What Designers Must Address with Moulding

Editor's Note: This is the fourth in a five-part series about mouldings, taken from a whitepaper by Fair Lawn, N.J.-based Kuiken Brothers Co. Inc. titled "Using Moulding to Enhance the Beauty and Elegance of a Space and Create New Revenue Streams."

Mouldings are used in new home construction when homeowners are trying to create a specific look and feel. They may have a preference for a certain period in history and want to recreate that. Or, they might want to fit into a neighborhood that has a commonality of style. In renovation, mouldings are generally used to change the way a room works and feels.

Encourage homeowners to consider mouldings early. Christine G.H. Franck, designer and co-author of Winterthur: Traditional American Rooms: Celebrating Style, Craftsmanship, and Historic Woodwork, says that it must be a generative process. Designers must involve the homeowner, architect and contractor in the planning. Consider mouldings as a part of the original design and not an ornamental after-thought.

When you first start a job, identify the priorities of the homeowner. He or she will decide if they want to spend money on mouldings or something else. Anything that’s built with quality in mind is going to cost more than something that is not quality-oriented. The use of mouldings is not cost-prohibitive. Depending on the budget range, there is a variety of choices from stock and standard mouldings, to 100 percent custom work. The key is that you need to know which stock and standard mouldings to pick, or you need to know how to design them well.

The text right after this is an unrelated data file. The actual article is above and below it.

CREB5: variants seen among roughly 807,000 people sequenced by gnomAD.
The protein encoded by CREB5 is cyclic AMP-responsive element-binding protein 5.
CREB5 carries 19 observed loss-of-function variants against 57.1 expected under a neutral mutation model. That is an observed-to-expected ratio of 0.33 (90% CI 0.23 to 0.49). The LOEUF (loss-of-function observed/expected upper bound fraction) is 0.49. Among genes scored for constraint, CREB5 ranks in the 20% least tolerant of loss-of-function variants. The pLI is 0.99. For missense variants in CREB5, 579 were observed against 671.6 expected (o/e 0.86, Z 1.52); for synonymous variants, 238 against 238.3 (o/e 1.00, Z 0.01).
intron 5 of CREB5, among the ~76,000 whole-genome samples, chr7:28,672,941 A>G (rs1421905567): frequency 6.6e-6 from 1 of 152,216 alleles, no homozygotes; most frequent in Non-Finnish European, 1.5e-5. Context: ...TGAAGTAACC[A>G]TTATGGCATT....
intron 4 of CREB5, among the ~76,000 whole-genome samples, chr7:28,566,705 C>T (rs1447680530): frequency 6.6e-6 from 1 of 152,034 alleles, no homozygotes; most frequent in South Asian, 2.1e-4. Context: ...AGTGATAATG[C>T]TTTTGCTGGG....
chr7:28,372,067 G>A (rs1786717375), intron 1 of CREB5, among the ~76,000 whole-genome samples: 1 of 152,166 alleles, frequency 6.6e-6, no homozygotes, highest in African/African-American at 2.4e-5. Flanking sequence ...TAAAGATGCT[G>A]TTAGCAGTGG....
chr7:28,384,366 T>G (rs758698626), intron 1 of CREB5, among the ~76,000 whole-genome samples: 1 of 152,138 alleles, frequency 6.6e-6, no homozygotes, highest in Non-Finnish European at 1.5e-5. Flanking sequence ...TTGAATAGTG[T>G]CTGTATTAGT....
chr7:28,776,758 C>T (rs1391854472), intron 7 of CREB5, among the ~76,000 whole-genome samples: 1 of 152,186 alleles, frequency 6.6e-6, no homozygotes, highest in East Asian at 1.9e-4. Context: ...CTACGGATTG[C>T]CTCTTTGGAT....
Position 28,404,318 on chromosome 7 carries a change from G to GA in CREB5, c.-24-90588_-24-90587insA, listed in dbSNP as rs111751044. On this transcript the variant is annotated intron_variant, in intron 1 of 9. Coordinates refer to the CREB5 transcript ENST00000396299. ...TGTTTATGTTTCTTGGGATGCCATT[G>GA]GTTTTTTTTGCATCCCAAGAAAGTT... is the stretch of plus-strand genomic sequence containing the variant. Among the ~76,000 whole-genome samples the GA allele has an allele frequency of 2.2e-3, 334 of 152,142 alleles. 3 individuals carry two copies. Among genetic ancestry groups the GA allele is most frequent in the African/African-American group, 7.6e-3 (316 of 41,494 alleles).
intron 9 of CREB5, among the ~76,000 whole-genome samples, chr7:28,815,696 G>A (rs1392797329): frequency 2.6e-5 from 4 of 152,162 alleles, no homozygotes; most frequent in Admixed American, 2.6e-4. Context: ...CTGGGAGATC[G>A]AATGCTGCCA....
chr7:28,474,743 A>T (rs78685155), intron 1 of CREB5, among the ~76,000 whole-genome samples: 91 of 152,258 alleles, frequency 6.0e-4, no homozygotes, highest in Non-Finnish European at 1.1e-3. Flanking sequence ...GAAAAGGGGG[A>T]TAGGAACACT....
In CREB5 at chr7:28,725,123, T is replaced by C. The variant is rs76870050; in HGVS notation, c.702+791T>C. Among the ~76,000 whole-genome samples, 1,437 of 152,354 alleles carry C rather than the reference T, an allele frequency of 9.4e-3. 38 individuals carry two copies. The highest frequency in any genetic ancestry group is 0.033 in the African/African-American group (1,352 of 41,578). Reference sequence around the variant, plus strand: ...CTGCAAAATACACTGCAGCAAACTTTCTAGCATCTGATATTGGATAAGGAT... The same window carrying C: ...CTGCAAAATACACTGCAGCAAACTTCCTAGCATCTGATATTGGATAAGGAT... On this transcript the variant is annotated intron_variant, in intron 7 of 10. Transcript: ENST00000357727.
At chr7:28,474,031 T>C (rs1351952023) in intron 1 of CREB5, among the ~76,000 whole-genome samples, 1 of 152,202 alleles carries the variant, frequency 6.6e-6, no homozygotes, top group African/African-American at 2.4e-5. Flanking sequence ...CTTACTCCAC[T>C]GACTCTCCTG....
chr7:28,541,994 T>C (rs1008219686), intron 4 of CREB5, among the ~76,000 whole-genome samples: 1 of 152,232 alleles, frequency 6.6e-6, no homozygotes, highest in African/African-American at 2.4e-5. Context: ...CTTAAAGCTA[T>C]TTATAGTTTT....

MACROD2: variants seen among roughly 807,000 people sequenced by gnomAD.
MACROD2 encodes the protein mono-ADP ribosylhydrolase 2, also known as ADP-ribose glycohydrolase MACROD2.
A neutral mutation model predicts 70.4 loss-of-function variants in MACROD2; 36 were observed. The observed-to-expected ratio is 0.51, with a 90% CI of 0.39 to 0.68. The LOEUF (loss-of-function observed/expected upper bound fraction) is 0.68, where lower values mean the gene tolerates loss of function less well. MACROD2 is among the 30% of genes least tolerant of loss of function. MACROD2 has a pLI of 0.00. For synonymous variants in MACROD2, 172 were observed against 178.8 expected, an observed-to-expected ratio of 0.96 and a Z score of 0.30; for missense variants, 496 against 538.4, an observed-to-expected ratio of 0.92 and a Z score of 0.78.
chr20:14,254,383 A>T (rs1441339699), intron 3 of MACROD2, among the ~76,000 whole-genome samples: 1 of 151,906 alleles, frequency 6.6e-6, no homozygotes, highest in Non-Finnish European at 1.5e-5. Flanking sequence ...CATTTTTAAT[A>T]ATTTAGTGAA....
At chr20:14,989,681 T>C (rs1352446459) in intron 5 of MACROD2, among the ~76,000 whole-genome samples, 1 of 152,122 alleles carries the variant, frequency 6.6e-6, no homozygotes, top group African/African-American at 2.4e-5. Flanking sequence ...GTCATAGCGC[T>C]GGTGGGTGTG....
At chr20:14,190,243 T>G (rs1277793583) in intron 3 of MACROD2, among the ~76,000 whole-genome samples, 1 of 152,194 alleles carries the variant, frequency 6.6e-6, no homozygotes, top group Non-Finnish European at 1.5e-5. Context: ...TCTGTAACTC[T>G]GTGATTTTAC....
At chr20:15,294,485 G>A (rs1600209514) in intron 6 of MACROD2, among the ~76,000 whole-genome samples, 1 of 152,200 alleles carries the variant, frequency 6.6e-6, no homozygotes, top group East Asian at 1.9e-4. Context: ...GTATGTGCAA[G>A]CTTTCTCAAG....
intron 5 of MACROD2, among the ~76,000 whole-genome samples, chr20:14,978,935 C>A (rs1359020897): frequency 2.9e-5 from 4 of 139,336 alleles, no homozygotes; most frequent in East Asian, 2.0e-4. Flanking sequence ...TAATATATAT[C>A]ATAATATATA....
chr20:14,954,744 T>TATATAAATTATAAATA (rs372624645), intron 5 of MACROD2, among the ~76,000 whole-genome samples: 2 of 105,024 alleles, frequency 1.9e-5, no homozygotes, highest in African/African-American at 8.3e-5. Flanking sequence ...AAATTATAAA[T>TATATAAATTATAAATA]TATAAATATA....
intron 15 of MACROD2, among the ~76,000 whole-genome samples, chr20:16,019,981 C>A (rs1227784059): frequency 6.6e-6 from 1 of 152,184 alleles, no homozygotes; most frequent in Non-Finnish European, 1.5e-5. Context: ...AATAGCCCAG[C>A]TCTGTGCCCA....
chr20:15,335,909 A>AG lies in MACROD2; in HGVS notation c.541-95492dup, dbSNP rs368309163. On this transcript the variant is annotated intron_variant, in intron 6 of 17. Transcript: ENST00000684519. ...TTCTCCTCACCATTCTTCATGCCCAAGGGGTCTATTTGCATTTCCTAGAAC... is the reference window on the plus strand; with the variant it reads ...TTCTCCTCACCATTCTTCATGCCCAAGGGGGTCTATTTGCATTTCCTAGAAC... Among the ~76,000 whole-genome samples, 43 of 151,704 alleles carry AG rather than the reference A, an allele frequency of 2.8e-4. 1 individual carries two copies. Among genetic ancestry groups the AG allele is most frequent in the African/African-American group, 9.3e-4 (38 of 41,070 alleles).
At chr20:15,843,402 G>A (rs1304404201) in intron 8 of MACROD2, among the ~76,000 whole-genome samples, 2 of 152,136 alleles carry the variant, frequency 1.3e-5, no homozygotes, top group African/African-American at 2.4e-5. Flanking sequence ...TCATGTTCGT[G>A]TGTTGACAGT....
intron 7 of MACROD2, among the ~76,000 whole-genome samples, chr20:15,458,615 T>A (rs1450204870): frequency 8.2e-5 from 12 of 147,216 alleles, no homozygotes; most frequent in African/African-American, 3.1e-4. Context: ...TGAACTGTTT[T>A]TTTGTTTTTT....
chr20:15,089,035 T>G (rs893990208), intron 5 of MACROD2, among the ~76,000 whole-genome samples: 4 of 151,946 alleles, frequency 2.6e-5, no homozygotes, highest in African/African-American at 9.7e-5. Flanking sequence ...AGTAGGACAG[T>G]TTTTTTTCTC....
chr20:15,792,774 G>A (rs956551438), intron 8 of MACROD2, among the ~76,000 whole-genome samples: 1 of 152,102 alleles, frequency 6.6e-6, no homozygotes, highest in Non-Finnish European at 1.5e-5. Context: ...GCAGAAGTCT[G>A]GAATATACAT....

There are many choices in mouldings—everything from products offered by big box, home-improvement stores, to stock and custom offerings by manufacturers and specialty lumberyards. The secret is to research proper scale, proportion, context, hierarchy and historical detail.

The spectrum of historical profiles and elements within those profiles has often been daunting. In a recent survey of designers, 73 percent of those polled said they would consider using moulding as a design element if a comprehensive catalog of styles and combinations was available.

Committing to the use of moulding requires a collective effort on the part of the designer, builder and trimmers. Designers should establish relationships with contractors who have some knowledge of and hands-on experience with classical mouldings. The contractor should be professionally and personally committed to being a craftsman. He or she should consider the application of mouldings as a continuum of American history.

Every home needs some amount of custom work, and applying mouldings is no exception in terms of effort. Sometimes even stock products don’t fit exactly as expected. As with all building projects, there must be flexibility and compromise. The end result is well worth the effort.

 

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